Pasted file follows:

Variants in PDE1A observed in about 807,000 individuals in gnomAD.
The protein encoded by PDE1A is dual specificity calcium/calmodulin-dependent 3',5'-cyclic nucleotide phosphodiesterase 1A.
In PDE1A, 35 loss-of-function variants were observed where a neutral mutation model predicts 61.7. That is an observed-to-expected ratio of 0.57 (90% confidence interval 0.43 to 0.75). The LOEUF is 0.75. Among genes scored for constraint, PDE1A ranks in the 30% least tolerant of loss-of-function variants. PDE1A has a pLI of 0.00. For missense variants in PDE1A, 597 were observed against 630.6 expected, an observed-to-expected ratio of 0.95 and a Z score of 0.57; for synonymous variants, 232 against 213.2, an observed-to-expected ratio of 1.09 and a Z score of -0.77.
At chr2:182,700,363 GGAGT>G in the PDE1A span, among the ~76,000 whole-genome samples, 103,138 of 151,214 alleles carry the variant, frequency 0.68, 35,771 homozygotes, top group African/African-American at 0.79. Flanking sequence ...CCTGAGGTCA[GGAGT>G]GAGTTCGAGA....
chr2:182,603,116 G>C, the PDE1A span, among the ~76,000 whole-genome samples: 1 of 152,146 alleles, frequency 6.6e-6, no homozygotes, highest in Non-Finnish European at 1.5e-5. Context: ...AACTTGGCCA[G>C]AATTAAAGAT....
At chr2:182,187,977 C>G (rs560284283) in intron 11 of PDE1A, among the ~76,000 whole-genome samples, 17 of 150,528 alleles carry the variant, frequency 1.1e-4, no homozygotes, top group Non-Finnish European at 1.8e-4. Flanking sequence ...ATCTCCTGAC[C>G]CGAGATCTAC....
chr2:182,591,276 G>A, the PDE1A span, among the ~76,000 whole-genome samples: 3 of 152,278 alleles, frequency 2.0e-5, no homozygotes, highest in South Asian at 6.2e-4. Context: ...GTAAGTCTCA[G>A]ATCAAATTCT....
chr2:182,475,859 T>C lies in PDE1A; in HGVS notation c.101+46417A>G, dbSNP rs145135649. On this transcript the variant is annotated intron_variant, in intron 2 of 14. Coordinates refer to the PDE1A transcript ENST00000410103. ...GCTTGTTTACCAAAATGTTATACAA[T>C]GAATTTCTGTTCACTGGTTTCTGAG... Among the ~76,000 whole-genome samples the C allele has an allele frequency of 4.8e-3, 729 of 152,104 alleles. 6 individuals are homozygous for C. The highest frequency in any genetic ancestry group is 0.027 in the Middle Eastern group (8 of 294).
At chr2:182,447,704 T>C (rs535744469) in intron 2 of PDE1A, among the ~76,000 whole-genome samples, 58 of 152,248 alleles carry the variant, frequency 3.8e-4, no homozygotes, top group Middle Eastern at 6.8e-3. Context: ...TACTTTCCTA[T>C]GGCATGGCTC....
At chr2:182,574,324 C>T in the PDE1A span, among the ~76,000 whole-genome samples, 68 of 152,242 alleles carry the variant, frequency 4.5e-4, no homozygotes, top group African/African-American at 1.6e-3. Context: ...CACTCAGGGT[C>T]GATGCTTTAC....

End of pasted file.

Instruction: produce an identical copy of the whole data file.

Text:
Variants in PDE1A observed in about 807,000 individuals in gnomAD.
The protein encoded by PDE1A is dual specificity calcium/calmodulin-dependent 3',5'-cyclic nucleotide phosphodiesterase 1A.
In PDE1A, 35 loss-of-function variants were observed where a neutral mutation model predicts 61.7. That is an observed-to-expected ratio of 0.57 (90% confidence interval 0.43 to 0.75). The LOEUF is 0.75. Among genes scored for constraint, PDE1A ranks in the 30% least tolerant of loss-of-function variants. PDE1A has a pLI of 0.00. For missense variants in PDE1A, 597 were observed against 630.6 expected, an observed-to-expected ratio of 0.95 and a Z score of 0.57; for synonymous variants, 232 against 213.2, an observed-to-expected ratio of 1.09 and a Z score of -0.77.
At chr2:182,700,363 GGAGT>G in the PDE1A span, among the ~76,000 whole-genome samples, 103,138 of 151,214 alleles carry the variant, frequency 0.68, 35,771 homozygotes, top group African/African-American at 0.79. Flanking sequence ...CCTGAGGTCA[GGAGT>G]GAGTTCGAGA....
chr2:182,603,116 G>C, the PDE1A span, among the ~76,000 whole-genome samples: 1 of 152,146 alleles, frequency 6.6e-6, no homozygotes, highest in Non-Finnish European at 1.5e-5. Context: ...AACTTGGCCA[G>C]AATTAAAGAT....
At chr2:182,187,977 C>G (rs560284283) in intron 11 of PDE1A, among the ~76,000 whole-genome samples, 17 of 150,528 alleles carry the variant, frequency 1.1e-4, no homozygotes, top group Non-Finnish European at 1.8e-4. Flanking sequence ...ATCTCCTGAC[C>G]CGAGATCTAC....
chr2:182,591,276 G>A, the PDE1A span, among the ~76,000 whole-genome samples: 3 of 152,278 alleles, frequency 2.0e-5, no homozygotes, highest in South Asian at 6.2e-4. Context: ...GTAAGTCTCA[G>A]ATCAAATTCT....
chr2:182,475,859 T>C lies in PDE1A; in HGVS notation c.101+46417A>G, dbSNP rs145135649. On this transcript the variant is annotated intron_variant, in intron 2 of 14. Coordinates refer to the PDE1A transcript ENST00000410103. ...GCTTGTTTACCAAAATGTTATACAA[T>C]GAATTTCTGTTCACTGGTTTCTGAG... Among the ~76,000 whole-genome samples the C allele has an allele frequency of 4.8e-3, 729 of 152,104 alleles. 6 individuals are homozygous for C. The highest frequency in any genetic ancestry group is 0.027 in the Middle Eastern group (8 of 294).
At chr2:182,447,704 T>C (rs535744469) in intron 2 of PDE1A, among the ~76,000 whole-genome samples, 58 of 152,248 alleles carry the variant, frequency 3.8e-4, no homozygotes, top group Middle Eastern at 6.8e-3. Context: ...TACTTTCCTA[T>C]GGCATGGCTC....
At chr2:182,574,324 C>T in the PDE1A span, among the ~76,000 whole-genome samples, 68 of 152,242 alleles carry the variant, frequency 4.5e-4, no homozygotes, top group African/African-American at 1.6e-3. Context: ...CACTCAGGGT[C>T]GATGCTTTAC....